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Guy Maynard | Food & Beverage Focus | Midweek.com

Guy Maynard

Jo McGarry
By .(JavaScript must be enabled to view this email address)
Friday - July 20, 2007 Share | Del.icio.us | podcast Podcast | WineAndDineHawaii.com

Guy Maynard
Guy Maynard

Guy Maynard, 55, is bartender at the Chart House in Waikiki. One of the best-known bartenders in Honolulu, he’s the creator of numerous award-winning drinks including the Guy Tai, Midori Melon and Chopin Grand Finale. He makes everything behind the bar from scratch, including his own lemonade and mixers. His cocktail recipes have been featured in national beverage magazines.

“I don’t like the strong grocery store mouthwashes. Durafresh tastes like Peppermint water, but highly effective. It makes your teeth feel clean all day!”

Where were you born and raised?

I was born in Okinawa and raised in Iowa. My mom is Okinawan; my dad is of Welsh and English descent and grew up in Iowa. I came to Honolulu in 1960.


Where did you go to school?

UH and KCC. I majored in chemistry, but I’d already started working in the food and beverage industry when I was in high school.

Tell us something that people might not know about you.

I was an optician for 15 years. I ran a place in Puck’s Alley for my dad for seven years and then worked with him in Waikiki for eight. But I was bartending on the side and making more money.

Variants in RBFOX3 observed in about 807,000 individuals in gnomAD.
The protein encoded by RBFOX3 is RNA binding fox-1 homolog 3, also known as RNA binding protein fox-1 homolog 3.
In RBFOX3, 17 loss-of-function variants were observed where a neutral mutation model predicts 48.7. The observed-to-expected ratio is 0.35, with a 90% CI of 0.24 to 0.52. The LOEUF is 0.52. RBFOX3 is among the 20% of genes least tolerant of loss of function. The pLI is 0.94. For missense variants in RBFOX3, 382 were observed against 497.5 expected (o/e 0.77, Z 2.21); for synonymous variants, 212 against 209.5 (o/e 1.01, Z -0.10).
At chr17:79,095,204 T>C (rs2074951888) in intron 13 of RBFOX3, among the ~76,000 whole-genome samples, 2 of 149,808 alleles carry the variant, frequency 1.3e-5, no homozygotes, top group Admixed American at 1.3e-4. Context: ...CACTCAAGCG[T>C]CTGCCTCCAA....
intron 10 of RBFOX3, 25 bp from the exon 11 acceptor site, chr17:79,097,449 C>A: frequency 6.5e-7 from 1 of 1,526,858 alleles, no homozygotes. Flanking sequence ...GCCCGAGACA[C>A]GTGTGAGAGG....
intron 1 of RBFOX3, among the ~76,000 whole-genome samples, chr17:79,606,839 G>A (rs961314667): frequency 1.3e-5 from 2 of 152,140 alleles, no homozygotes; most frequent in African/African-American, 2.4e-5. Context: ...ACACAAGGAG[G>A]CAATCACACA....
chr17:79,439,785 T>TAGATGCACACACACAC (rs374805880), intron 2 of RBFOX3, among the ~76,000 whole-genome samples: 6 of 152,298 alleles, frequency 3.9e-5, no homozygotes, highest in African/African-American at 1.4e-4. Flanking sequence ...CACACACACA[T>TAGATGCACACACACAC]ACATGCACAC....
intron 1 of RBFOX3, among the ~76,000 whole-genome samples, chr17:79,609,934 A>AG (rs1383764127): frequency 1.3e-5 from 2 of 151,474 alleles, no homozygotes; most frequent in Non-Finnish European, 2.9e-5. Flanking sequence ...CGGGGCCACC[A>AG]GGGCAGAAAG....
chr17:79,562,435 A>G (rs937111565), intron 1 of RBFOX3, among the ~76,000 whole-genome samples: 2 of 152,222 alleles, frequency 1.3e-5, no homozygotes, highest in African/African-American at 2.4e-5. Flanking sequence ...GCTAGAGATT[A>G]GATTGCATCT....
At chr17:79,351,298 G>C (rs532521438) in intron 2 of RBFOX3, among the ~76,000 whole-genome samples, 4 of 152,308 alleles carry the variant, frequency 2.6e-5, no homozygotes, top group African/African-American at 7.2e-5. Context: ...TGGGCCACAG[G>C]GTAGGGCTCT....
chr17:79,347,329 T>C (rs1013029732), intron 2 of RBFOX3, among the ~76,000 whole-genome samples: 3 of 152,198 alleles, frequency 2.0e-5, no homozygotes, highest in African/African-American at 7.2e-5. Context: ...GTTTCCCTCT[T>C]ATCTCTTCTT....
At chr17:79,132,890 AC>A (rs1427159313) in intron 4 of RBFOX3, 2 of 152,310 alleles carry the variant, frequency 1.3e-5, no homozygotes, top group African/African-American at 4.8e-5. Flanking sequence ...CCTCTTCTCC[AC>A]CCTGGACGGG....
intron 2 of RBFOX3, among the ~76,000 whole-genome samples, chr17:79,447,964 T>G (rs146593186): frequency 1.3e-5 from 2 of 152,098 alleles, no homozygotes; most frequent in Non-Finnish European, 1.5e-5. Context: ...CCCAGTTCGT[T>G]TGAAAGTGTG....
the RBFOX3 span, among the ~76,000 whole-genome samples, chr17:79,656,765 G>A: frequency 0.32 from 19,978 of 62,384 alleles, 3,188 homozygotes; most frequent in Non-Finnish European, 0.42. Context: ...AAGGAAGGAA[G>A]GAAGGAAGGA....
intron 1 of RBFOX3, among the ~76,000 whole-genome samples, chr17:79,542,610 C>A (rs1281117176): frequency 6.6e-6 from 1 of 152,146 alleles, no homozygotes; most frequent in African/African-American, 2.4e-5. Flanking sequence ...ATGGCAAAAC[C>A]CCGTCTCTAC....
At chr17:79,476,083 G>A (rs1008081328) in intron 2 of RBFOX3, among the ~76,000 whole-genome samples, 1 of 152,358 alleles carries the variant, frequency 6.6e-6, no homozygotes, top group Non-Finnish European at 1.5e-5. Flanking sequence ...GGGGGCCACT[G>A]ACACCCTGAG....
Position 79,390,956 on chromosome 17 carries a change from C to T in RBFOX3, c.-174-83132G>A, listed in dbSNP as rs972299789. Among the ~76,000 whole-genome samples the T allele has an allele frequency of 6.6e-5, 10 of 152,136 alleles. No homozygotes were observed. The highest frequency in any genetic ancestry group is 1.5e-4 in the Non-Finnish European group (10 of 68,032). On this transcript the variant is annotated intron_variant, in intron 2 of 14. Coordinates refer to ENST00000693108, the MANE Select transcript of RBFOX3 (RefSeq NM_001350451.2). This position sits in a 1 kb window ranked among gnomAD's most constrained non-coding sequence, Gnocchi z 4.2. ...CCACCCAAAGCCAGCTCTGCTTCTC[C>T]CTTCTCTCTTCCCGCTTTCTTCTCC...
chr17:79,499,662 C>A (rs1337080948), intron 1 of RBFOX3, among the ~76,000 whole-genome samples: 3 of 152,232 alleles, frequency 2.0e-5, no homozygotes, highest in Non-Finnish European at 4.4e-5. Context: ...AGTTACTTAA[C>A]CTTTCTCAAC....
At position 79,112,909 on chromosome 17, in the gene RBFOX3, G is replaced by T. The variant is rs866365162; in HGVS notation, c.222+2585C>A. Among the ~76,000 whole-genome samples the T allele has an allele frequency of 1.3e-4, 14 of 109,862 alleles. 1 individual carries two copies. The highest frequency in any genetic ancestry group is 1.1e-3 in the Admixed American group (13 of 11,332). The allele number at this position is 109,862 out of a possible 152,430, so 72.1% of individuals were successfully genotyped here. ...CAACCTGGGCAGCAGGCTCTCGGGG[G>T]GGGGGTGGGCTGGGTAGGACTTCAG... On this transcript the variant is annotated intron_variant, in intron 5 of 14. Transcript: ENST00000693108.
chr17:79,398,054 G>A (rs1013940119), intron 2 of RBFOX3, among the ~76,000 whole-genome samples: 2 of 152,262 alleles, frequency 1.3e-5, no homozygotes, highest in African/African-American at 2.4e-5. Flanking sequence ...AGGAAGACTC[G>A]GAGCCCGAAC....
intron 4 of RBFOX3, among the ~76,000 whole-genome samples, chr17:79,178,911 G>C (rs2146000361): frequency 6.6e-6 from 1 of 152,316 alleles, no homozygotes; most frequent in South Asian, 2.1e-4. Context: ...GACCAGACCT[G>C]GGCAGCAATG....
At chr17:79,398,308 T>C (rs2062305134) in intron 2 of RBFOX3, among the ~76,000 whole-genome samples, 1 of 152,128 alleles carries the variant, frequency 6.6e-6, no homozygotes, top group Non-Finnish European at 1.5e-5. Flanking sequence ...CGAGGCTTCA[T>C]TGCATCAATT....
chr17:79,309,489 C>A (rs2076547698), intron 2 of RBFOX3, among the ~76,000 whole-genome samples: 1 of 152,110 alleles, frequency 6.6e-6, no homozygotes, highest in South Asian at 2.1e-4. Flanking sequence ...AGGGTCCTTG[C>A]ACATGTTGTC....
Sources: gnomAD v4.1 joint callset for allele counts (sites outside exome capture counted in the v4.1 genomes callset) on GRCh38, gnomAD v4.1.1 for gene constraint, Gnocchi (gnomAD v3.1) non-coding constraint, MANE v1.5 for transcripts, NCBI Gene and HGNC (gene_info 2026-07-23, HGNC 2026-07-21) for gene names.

Where was your first job?

At the Blue Goose, where Eastside Grill is now. It was a really rowdy, pool table, draft beer kind of a place. We had fights every night. I was about 125 pounds at the time and we were always having to carry guys out. It was wild!

So that convinced you that bartending was a better career path to follow than optometry?

(Laughs) Well, I liked the guys I hung out with after work, I liked the lifestyle and I knew that I could be good at it.

How about mentors?

I worked originally with three great guys: Hank Griffin, Peter Olsen and Ron Taguchi. They were the best bartenders in the business. It took me 10 years to go from the bottom to the top, and all of those guys taught me something.


How did you get into competitive bartending?

I saw a couple of colleagues win $500 each at a contest and I thought, ‘I’m in!’ Since then I’ve won about 16 contests with prizes that have included trips to the Mainland and cash.

What’s the most challenging part of your job?

Just the fact that there’s so much more to it than making drinks. You have to be aware of so much when you bartend - the dynamics, the customers, everyone’s needs, and the atmosphere. You have to stay on it all the time.

What’s always in your fridge?

Gatorade, miso and English muffins.

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